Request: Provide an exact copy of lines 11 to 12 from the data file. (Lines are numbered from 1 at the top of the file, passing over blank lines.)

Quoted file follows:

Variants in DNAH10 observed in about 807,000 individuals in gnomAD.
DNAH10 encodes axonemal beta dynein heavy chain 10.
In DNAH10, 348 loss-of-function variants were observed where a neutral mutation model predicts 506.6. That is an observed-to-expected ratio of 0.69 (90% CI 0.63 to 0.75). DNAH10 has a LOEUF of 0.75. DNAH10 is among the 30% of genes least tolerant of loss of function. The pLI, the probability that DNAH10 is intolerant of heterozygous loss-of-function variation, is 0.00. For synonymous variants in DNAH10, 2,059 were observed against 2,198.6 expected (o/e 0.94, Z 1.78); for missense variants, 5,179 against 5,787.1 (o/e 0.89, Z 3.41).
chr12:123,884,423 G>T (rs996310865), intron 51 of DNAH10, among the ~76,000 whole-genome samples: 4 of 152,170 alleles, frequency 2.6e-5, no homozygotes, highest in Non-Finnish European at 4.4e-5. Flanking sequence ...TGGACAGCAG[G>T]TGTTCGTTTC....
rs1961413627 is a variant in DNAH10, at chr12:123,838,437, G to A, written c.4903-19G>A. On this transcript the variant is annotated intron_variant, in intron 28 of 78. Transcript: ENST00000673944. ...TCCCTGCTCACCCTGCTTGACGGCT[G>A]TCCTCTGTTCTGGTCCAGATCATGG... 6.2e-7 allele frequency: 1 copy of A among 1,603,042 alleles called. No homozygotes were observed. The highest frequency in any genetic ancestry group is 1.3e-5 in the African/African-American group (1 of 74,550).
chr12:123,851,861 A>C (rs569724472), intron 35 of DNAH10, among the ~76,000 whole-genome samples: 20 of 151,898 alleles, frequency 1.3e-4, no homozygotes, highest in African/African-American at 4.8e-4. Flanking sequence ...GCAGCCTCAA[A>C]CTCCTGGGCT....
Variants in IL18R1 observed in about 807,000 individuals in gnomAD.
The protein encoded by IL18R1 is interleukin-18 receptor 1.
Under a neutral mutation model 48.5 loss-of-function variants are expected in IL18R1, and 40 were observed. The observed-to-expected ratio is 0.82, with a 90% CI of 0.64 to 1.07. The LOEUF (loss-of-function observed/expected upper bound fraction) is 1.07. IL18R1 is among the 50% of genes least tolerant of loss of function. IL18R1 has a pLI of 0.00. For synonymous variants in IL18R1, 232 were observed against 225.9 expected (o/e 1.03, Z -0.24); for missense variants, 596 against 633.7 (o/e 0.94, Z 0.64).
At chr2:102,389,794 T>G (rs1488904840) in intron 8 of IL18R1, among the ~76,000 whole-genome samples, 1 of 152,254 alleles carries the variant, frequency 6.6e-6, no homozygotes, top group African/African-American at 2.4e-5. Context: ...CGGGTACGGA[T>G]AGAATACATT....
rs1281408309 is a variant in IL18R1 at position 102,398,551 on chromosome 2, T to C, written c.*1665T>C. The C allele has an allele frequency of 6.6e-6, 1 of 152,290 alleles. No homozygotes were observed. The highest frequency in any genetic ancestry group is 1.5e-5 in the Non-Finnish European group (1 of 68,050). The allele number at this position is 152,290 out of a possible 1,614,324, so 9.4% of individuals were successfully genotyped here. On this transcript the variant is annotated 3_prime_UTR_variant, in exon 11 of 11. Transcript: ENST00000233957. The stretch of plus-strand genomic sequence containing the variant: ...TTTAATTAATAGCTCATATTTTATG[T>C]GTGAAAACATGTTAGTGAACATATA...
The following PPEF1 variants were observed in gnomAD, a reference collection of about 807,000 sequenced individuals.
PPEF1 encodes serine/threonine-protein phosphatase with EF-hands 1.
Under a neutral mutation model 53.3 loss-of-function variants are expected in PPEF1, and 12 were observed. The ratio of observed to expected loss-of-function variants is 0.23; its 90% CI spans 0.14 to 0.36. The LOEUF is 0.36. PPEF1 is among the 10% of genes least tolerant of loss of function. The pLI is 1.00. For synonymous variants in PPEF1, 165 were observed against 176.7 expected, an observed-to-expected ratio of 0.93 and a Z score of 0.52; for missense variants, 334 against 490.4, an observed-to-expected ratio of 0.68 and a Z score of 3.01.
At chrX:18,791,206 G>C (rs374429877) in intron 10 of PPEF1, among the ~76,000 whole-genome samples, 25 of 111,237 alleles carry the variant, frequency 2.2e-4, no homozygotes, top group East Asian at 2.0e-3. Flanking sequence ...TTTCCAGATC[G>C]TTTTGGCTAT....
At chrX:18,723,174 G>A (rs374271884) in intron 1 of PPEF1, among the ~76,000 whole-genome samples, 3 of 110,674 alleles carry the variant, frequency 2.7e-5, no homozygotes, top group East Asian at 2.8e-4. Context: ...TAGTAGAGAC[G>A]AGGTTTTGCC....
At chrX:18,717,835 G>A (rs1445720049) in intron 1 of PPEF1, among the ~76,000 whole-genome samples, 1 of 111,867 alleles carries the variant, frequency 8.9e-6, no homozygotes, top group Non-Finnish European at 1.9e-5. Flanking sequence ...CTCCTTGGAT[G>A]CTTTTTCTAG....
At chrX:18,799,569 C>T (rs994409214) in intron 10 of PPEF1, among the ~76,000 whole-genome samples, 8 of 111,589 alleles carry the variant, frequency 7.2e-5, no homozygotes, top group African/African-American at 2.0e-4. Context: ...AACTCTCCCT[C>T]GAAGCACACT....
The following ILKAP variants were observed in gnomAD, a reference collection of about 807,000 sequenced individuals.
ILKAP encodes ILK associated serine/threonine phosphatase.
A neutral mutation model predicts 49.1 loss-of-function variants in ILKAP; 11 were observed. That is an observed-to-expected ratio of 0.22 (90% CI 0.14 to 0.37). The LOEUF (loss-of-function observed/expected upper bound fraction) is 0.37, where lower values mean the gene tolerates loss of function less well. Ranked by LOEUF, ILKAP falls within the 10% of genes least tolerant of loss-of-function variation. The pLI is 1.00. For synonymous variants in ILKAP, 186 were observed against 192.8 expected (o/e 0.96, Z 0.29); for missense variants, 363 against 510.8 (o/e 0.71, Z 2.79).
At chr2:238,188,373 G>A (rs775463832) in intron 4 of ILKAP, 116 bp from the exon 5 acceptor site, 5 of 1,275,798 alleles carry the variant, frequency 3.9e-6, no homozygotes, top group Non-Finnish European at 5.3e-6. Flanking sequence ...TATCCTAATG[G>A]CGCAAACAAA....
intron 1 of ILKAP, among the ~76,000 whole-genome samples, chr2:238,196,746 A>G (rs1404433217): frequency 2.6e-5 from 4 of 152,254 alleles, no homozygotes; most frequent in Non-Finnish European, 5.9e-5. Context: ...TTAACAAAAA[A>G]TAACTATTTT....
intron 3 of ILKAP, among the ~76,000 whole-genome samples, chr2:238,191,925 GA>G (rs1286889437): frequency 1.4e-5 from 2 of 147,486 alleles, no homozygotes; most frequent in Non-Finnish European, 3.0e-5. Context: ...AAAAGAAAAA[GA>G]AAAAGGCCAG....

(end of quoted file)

rs1281408309 is a variant in IL18R1 at position 102,398,551 on chromosome 2, T to C, written c.*1665T>C. The C allele has an allele frequency of 6.6e-6, 1 of 152,290 alleles. No homozygotes were observed. The highest frequency in any genetic ancestry group is 1.5e-5 in the Non-Finnish European group (1 of 68,050). The allele number at this position is 152,290 out of a possible 1,614,324, so 9.4% of individuals were successfully genotyped here. On this transcript the variant is annotated 3_prime_UTR_variant, in exon 11 of 11. Transcript: ENST00000233957. The stretch of plus-strand genomic sequence containing the variant: ...TTTAATTAATAGCTCATATTTTATG[T>C]GTGAAAACATGTTAGTGAACATATA...
The following PPEF1 variants were observed in gnomAD, a reference collection of about 807,000 sequenced individuals.